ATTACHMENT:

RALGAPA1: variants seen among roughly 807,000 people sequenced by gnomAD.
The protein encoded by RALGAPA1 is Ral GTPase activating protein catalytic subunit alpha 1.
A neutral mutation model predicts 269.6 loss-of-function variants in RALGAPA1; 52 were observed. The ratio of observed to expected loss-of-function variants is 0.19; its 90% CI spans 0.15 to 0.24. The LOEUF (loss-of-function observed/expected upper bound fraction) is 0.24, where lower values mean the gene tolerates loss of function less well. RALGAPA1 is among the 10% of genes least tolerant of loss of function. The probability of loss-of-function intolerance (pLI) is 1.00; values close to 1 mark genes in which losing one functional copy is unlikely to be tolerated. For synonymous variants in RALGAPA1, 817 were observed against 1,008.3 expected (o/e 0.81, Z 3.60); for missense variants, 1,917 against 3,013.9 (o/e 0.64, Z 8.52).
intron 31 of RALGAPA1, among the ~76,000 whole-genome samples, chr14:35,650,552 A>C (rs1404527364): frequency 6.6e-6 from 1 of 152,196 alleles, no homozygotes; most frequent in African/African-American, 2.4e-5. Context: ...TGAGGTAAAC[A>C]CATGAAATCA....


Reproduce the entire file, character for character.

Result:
RALGAPA1: variants seen among roughly 807,000 people sequenced by gnomAD.
The protein encoded by RALGAPA1 is Ral GTPase activating protein catalytic subunit alpha 1.
A neutral mutation model predicts 269.6 loss-of-function variants in RALGAPA1; 52 were observed. The ratio of observed to expected loss-of-function variants is 0.19; its 90% CI spans 0.15 to 0.24. The LOEUF (loss-of-function observed/expected upper bound fraction) is 0.24, where lower values mean the gene tolerates loss of function less well. RALGAPA1 is among the 10% of genes least tolerant of loss of function. The probability of loss-of-function intolerance (pLI) is 1.00; values close to 1 mark genes in which losing one functional copy is unlikely to be tolerated. For synonymous variants in RALGAPA1, 817 were observed against 1,008.3 expected (o/e 0.81, Z 3.60); for missense variants, 1,917 against 3,013.9 (o/e 0.64, Z 8.52).
intron 31 of RALGAPA1, among the ~76,000 whole-genome samples, chr14:35,650,552 A>C (rs1404527364): frequency 6.6e-6 from 1 of 152,196 alleles, no homozygotes; most frequent in African/African-American, 2.4e-5. Context: ...TGAGGTAAAC[A>C]CATGAAATCA....